"There are major challenges in running a small business," said Donna Marie DeCarolis, associate dean for graduate programs at Drexel University's LeBow College of Business.
She wasn't even counting the 50 percent failure rate for small businesses in their first five years.
Into that pressure cooker Gregg Prescott and Steve Brodack plunged in 1997, leaving more secure lives as, first, employees of a big company, Motorola Corp., and then as owners of a distributorship for Motorola communications equipment.
It was through the latter experience that the two South Jersey men got the inspiration for the small business they have co-owned for 15 years: Jan-Pro Cleaning Systems of the Delaware Valley.
The sales calls they made on behalf of Motorola exposed them to a variety of commercial properties in need of vacuuming and dusting.
Neither man had any professional cleaning experience, but they figured there were plenty of people out there with it who would jump at the opportunity to own a cleaning franchise. Evidently, they were right. Prescott and Brodack have sold 145 franchises - starting at $3,000 apiece - that serve 450 customers, mostly in South Jersey and Delaware.
In addition to developing new accounts, Prescott's and Brodack's role is to teach their franchise owners the essentials of being small-business owners.
With less than $5 million in annual sales and a staff of 10 working from a small headquarters in Haddon Heights, Prescott and Brodack are themselves small business owners.
Yet the network of franchisees they oversee is vast, and the risk of inconsistent customer service great. That can be a business killer in this environment, Brodack and Prescott said they stress to franchise owners.
Since the recession, customers have been even more demanding and less tolerant of substandard service, Brodack said. He attributed that to their own financial pressures.
"Everybody is trying to save ... the most effective way they can," he said.
For instance, businesses that used to contract for cleaning services five days a week, have cut back to two or three.
The tough economy has also spawned more competition for Prescott and Brodack. Much of it is from wives and husbands who have lost jobs and have started up mom-and-pop cleaning businesses offering hard-to-beat prices. Brodack said most are low-overhead operations with few if any employees. He said he was told by one potential client that a competitor had promised that "whatever price you get, we'll beat by 5 percent." In that circumstance and other similar encounters, Brodack said he has emphasized the quality and reliability of the Jan-Pro enterprise, asking, "What kind of people are going to clean your building for that price?"
Meanwhile, Brodack and Prescott brace for the next test: when the economy improves and more franchises are needed to meet demand. That means finding more trustworthy franchisees committed to Brodack's and Prescott's way of doing business.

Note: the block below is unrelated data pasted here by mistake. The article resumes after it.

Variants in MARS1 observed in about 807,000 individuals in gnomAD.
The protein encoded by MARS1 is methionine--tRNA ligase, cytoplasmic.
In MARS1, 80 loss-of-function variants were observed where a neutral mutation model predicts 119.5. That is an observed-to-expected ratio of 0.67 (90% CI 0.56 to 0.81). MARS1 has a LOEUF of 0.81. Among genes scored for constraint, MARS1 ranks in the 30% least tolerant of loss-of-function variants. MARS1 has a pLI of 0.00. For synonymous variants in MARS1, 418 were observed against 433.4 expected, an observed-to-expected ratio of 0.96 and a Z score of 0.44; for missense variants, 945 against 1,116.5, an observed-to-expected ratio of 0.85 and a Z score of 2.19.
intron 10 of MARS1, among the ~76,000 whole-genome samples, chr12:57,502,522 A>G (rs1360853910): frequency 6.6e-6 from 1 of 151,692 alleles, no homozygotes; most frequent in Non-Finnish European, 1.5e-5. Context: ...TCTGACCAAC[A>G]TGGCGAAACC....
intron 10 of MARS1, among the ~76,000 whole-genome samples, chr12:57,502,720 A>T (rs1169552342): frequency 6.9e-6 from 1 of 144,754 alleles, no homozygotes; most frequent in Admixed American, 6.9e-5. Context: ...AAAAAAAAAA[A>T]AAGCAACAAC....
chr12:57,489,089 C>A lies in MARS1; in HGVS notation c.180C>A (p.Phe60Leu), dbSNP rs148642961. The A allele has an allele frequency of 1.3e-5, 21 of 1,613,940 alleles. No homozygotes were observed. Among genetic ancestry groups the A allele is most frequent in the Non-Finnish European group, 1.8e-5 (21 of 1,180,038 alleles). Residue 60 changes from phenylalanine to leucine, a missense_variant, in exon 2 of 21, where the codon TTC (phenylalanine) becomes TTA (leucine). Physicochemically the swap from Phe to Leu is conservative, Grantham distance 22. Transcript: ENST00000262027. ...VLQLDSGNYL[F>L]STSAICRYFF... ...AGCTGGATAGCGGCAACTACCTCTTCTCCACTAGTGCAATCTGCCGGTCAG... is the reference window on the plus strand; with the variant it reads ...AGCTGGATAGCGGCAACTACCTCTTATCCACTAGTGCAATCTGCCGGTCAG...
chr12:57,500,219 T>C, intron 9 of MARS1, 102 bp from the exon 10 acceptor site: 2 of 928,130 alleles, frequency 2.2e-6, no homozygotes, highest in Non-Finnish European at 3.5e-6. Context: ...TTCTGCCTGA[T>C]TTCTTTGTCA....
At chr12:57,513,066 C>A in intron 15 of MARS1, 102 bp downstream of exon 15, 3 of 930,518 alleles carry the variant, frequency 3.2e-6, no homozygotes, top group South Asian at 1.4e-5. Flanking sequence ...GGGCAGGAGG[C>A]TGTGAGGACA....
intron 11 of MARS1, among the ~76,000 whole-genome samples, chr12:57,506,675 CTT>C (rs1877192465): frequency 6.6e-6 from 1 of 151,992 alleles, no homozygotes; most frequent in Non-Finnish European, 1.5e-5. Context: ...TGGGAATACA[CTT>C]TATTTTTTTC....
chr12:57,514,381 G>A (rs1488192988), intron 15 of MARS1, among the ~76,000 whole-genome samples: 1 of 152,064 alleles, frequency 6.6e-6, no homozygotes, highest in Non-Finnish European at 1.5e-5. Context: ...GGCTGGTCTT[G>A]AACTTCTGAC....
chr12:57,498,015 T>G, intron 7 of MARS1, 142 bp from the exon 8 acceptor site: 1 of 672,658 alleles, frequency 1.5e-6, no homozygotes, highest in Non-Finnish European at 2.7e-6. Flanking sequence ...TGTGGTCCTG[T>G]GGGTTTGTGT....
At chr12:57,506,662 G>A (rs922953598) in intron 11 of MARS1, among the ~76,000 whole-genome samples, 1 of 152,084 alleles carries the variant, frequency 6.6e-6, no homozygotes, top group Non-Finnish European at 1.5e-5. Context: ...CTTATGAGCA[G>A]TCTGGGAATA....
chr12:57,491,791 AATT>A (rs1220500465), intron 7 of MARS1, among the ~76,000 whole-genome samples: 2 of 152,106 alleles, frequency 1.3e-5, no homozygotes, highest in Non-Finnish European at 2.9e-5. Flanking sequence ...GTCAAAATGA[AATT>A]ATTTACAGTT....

Drexel's DeCarolis calls it "navigating life cycles." For small business owners, those are tricky times, she said.
"Every time there's a growth spurt, that means there needs to be a change in strategy," she said. That could entail adjusting the company's definition of its target customer, or altering product offerings, DeCarolis said. For small businesses, the toughest part of such a process might be coming up with adequate funding to support such "reinvention," she said.
The upside is that the smaller the company, the more flexible, which often makes change easier to pull off than at a big company, DeCarolis said.
At the law firm of Pond Lehocky Stern Giordano in Philadelphia, managing partner Samuel Pond is confronting one of those life-cycle dilemmas now.
Formed in July 2010 with 22 employees as a spin-off practice specializing in worker compensation and Social Security disability claims, Pond Lehocky Stern Giordano already has grown to a complement of 72 lawyers and support staff.
With each new person added has come the challenge of "making sure they're happy, they feel like they're stakeholders in your operation, they're motivated . . . adequately compensated," Pond said, adding that training to assure consistent client service had also been paramount.
The addition of two branch offices - in Northeast Philadelphia and South Jersey - has now been followed by a period of assessment.
"We've had to step back and strategize and almost intentionally slow it down a little bit," Pond said. "The bigger it gets, the more challenging it gets. You have to worry about our culture and everyone buying into your culture."
Through it all, those running small businesses also have to guard against what DeCarolis identified as a potentially "silent killer" for any small company: leadership burnout.
"Running a business is lots of work and lots of setbacks," she said. "Sometimes you get passion-drained."
If burnout sets in, containment is critical, DeCarolis said.
"That burnout can be contagious, not only to employees, but customers," she said.
Contact Diane Mastrull at 215-854-2466 or email@example.com, or follow her on Twitter @mastrud.